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Wind farms do cause eagle deaths

Norwegian Turbines slice up White-tailed Eagles

Wind turbines have caused a number of deaths of Europe's largest eagle species, on isolated islands off the Norwegian coast. The discovery of four dead White-tailed Eagles, and the failure of almost 30 others to return to nesting sites within the wind farm area, has increased fears that wind farms elsewhere could take a similar toll on native and migrating wild birds.

The White-tailed Eagle Haliaeetus albicilla is found in significant numbers on Smøla, a set of islands about ten kilometres off the north-west Norwegian coast. The island is listed by BirdLife as an Important Bird Area (IBA) because it holds one of the highest breeding densities of the species in the world.The four dead birds were found between August and December 2005. Two had been sliced in half, apparently by a turbine blade. Post mortems blamed multiple trauma for the birds' deaths, caused by a heavy blow. Much of the wind park is remote and rarely visited and it is possible that other deaths have gone undetected.

The 68-turbine Smøla wind farm was built between 2001 and 2005. The Norwegian government ignored advice based on an environmental assessment, warning against the development because of the danger it posed to White-tailed Eagles. BirdLife took the case to the Bern Convention but the decision was not overturned.Research by NOF-BirdLife Norway’s National White-tailed Eagle project, the Norwegian Institute for Nature Research (NINA) and the RSPB (BirdLife in the UK), will now be stepped-up to include regular checks for casualties throughout the wind park, and monitoring of this spring's breeding activity.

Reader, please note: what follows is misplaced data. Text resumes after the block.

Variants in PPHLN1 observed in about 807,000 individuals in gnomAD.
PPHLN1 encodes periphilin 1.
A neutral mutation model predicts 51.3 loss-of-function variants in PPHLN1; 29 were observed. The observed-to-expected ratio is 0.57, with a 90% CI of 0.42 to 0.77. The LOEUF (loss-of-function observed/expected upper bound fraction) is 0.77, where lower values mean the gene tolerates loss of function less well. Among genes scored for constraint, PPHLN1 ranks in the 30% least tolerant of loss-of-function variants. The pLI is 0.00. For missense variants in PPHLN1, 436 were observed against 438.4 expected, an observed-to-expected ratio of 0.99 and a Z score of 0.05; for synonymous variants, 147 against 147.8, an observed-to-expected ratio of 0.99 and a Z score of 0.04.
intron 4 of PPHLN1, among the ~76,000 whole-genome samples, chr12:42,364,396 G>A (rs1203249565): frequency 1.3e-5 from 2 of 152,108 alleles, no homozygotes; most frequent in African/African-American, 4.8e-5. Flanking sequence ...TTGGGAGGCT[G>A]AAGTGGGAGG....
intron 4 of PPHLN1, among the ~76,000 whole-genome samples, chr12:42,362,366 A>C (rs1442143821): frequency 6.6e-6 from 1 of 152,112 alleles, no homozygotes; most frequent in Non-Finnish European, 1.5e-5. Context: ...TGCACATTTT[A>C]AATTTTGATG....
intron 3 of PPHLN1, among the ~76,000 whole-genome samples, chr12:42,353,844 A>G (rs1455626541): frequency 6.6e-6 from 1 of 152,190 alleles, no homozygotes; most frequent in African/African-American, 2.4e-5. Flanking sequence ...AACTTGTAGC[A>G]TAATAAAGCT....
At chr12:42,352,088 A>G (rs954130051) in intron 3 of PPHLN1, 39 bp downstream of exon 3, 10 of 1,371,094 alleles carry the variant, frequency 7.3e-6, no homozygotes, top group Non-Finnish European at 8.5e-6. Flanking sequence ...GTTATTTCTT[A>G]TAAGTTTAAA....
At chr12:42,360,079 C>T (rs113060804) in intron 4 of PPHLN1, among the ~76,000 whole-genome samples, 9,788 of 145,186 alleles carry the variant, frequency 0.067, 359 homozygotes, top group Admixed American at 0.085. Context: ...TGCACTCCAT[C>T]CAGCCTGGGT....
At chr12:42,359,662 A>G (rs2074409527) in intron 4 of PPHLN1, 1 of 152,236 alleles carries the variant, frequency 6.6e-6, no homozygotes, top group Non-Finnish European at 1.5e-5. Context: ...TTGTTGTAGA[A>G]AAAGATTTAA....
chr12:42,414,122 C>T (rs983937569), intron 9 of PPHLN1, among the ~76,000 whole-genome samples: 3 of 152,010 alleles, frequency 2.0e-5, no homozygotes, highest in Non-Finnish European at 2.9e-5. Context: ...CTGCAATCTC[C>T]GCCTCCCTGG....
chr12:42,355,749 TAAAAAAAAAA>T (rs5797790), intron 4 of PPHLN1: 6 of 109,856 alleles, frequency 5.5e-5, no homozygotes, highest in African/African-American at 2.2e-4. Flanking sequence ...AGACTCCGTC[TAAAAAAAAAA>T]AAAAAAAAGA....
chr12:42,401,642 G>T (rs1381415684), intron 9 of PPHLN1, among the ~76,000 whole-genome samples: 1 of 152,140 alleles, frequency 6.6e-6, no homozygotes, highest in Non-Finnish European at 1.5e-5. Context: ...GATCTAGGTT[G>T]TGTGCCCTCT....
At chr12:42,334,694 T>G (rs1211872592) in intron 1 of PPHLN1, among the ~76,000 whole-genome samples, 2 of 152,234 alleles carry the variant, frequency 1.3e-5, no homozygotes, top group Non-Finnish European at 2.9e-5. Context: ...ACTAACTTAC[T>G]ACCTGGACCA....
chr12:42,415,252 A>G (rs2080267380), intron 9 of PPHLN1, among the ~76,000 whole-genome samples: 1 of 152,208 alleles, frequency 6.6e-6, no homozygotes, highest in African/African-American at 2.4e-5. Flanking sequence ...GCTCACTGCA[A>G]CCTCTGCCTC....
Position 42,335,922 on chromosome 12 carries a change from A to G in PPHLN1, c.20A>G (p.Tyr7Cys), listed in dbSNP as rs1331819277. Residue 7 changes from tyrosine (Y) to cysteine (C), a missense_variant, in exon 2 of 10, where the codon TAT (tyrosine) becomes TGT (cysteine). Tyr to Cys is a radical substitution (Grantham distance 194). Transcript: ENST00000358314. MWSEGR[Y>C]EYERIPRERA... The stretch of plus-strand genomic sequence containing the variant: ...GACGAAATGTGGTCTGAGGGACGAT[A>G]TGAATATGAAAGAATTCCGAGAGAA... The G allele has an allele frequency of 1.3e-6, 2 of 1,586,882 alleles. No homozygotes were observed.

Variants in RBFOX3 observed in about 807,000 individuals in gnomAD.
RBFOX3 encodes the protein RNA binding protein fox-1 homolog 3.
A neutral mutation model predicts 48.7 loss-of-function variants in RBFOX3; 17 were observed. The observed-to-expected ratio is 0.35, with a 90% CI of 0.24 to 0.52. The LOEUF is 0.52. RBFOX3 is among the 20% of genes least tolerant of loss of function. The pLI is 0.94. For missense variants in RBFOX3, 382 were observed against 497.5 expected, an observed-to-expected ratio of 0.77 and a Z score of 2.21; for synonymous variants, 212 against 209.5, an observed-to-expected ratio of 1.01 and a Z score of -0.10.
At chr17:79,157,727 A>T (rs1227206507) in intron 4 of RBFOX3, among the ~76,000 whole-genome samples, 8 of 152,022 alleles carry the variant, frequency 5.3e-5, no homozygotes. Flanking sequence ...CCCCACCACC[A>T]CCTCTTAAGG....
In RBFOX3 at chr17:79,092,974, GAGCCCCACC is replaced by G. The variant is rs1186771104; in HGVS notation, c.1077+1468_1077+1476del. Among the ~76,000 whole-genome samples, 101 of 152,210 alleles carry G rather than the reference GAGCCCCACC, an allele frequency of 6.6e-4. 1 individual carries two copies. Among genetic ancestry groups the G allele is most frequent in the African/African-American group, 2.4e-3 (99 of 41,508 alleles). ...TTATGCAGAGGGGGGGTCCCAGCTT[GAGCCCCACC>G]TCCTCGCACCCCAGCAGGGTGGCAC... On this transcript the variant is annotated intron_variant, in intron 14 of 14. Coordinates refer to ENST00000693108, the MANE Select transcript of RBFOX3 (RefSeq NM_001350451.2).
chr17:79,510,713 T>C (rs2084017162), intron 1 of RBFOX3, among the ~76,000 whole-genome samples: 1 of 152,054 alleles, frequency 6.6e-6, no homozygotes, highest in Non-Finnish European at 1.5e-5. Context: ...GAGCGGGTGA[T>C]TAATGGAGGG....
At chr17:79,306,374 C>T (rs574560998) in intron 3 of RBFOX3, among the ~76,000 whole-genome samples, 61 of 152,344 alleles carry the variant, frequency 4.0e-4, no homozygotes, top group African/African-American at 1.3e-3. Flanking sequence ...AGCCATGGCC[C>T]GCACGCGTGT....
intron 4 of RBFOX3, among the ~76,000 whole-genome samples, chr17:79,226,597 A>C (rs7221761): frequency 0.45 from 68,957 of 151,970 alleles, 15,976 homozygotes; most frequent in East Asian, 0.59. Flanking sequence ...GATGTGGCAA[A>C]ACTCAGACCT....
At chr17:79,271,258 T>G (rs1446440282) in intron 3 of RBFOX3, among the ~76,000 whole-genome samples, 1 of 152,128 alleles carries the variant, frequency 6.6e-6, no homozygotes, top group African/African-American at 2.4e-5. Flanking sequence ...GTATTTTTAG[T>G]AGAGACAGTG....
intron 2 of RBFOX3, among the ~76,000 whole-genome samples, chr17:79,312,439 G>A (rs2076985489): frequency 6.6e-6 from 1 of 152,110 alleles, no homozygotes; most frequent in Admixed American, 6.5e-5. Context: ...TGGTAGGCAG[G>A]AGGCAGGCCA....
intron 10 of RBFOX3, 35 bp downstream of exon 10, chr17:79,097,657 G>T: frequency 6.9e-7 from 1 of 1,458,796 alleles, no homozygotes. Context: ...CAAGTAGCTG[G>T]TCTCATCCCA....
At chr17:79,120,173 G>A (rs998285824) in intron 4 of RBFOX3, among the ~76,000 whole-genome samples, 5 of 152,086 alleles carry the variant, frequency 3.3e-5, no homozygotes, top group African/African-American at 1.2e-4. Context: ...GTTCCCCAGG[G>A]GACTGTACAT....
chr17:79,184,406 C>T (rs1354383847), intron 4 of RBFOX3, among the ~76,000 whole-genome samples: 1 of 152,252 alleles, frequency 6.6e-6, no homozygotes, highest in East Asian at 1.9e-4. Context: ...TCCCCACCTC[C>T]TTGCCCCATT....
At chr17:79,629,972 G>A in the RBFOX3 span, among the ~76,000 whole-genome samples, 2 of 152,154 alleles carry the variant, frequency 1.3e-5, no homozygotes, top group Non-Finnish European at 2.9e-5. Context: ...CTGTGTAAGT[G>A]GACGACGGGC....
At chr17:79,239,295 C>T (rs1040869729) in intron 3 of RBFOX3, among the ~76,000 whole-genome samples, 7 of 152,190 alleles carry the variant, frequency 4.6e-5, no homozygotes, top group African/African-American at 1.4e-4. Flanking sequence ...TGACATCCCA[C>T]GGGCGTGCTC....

Conservationists are yet to draw firm conclusions from their initial monitoring because breeding numbers of eagles often vary and in 2004 and 2005, construction activity for the second part of the wind park was especially intense."Breeding results on Smøla have been strikingly poor compared with the 30 years before the wind farm was built, both on the site itself and the remainder of the island." said Alv Ottar Folkestad, of NOF (BirdLife in Norway) The project leader of NOF’s National White tailed Eagle project for more than 30 years went on to say, "We are only half way through the research, yet despite their site-faithfulness, we are not confident that White-tailed Eagles will adapt to the turbines and return to the wind park area. As older birds die, we do not know if new birds will occupy nest sites within the wind farm."

BirdLife supports the generation of wind and other renewable energies to help tackle climate change but these interim research results have underlined the dangers of wind parks placed near sites that birds instinctively seek.

4th July 2014